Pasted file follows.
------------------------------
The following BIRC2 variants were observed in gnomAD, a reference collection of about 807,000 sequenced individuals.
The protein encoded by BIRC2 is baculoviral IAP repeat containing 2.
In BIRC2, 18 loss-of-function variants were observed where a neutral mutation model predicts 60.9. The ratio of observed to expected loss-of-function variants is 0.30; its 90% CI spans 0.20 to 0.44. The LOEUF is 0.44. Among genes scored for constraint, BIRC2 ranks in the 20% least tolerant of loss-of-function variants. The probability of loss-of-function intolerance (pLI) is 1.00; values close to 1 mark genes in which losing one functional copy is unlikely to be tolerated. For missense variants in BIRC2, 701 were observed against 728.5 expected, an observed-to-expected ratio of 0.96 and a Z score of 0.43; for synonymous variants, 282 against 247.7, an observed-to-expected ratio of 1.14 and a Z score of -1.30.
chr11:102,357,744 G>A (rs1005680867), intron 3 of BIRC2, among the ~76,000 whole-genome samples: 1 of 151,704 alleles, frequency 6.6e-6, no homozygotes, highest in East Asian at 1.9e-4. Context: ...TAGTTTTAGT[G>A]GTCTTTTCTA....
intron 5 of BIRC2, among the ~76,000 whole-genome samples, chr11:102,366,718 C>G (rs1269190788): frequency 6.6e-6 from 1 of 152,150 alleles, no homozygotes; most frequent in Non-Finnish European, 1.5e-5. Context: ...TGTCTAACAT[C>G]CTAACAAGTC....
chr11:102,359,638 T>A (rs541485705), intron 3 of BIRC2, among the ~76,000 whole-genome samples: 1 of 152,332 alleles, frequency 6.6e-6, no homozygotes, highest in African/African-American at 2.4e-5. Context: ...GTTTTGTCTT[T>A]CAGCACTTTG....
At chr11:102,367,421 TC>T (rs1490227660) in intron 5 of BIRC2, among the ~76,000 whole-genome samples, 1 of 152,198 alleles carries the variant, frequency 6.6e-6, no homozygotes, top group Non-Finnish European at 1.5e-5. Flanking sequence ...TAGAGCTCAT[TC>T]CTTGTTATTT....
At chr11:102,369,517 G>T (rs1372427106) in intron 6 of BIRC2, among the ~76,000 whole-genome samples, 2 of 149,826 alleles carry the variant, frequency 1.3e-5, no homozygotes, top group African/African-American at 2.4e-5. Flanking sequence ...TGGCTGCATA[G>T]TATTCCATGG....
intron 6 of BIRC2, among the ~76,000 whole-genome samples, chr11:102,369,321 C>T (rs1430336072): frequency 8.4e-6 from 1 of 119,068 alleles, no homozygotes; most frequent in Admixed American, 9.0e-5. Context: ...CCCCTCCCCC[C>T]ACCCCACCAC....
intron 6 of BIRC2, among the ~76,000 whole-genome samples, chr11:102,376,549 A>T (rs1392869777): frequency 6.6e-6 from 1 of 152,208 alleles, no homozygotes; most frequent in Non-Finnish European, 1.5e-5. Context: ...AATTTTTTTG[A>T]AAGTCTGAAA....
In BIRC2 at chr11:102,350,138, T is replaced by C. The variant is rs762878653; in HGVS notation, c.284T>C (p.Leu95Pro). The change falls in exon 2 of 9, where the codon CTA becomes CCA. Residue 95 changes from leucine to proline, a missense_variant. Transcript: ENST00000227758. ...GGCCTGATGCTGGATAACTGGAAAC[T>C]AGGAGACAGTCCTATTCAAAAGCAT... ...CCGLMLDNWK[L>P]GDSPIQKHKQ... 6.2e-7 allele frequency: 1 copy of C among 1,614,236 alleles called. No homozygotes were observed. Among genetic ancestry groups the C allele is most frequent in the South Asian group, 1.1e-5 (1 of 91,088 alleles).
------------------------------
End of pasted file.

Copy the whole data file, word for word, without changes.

The following BIRC2 variants were observed in gnomAD, a reference collection of about 807,000 sequenced individuals.
The protein encoded by BIRC2 is baculoviral IAP repeat containing 2.
In BIRC2, 18 loss-of-function variants were observed where a neutral mutation model predicts 60.9. The ratio of observed to expected loss-of-function variants is 0.30; its 90% CI spans 0.20 to 0.44. The LOEUF is 0.44. Among genes scored for constraint, BIRC2 ranks in the 20% least tolerant of loss-of-function variants. The probability of loss-of-function intolerance (pLI) is 1.00; values close to 1 mark genes in which losing one functional copy is unlikely to be tolerated. For missense variants in BIRC2, 701 were observed against 728.5 expected, an observed-to-expected ratio of 0.96 and a Z score of 0.43; for synonymous variants, 282 against 247.7, an observed-to-expected ratio of 1.14 and a Z score of -1.30.
chr11:102,357,744 G>A (rs1005680867), intron 3 of BIRC2, among the ~76,000 whole-genome samples: 1 of 151,704 alleles, frequency 6.6e-6, no homozygotes, highest in East Asian at 1.9e-4. Context: ...TAGTTTTAGT[G>A]GTCTTTTCTA....
intron 5 of BIRC2, among the ~76,000 whole-genome samples, chr11:102,366,718 C>G (rs1269190788): frequency 6.6e-6 from 1 of 152,150 alleles, no homozygotes; most frequent in Non-Finnish European, 1.5e-5. Context: ...TGTCTAACAT[C>G]CTAACAAGTC....
chr11:102,359,638 T>A (rs541485705), intron 3 of BIRC2, among the ~76,000 whole-genome samples: 1 of 152,332 alleles, frequency 6.6e-6, no homozygotes, highest in African/African-American at 2.4e-5. Context: ...GTTTTGTCTT[T>A]CAGCACTTTG....
At chr11:102,367,421 TC>T (rs1490227660) in intron 5 of BIRC2, among the ~76,000 whole-genome samples, 1 of 152,198 alleles carries the variant, frequency 6.6e-6, no homozygotes, top group Non-Finnish European at 1.5e-5. Flanking sequence ...TAGAGCTCAT[TC>T]CTTGTTATTT....
At chr11:102,369,517 G>T (rs1372427106) in intron 6 of BIRC2, among the ~76,000 whole-genome samples, 2 of 149,826 alleles carry the variant, frequency 1.3e-5, no homozygotes, top group African/African-American at 2.4e-5. Flanking sequence ...TGGCTGCATA[G>T]TATTCCATGG....
intron 6 of BIRC2, among the ~76,000 whole-genome samples, chr11:102,369,321 C>T (rs1430336072): frequency 8.4e-6 from 1 of 119,068 alleles, no homozygotes; most frequent in Admixed American, 9.0e-5. Context: ...CCCCTCCCCC[C>T]ACCCCACCAC....
intron 6 of BIRC2, among the ~76,000 whole-genome samples, chr11:102,376,549 A>T (rs1392869777): frequency 6.6e-6 from 1 of 152,208 alleles, no homozygotes; most frequent in Non-Finnish European, 1.5e-5. Context: ...AATTTTTTTG[A>T]AAGTCTGAAA....
In BIRC2 at chr11:102,350,138, T is replaced by C. The variant is rs762878653; in HGVS notation, c.284T>C (p.Leu95Pro). The change falls in exon 2 of 9, where the codon CTA becomes CCA. Residue 95 changes from leucine to proline, a missense_variant. Transcript: ENST00000227758. ...GGCCTGATGCTGGATAACTGGAAAC[T>C]AGGAGACAGTCCTATTCAAAAGCAT... ...CCGLMLDNWK[L>P]GDSPIQKHKQ... 6.2e-7 allele frequency: 1 copy of C among 1,614,236 alleles called. No homozygotes were observed. Among genetic ancestry groups the C allele is most frequent in the South Asian group, 1.1e-5 (1 of 91,088 alleles).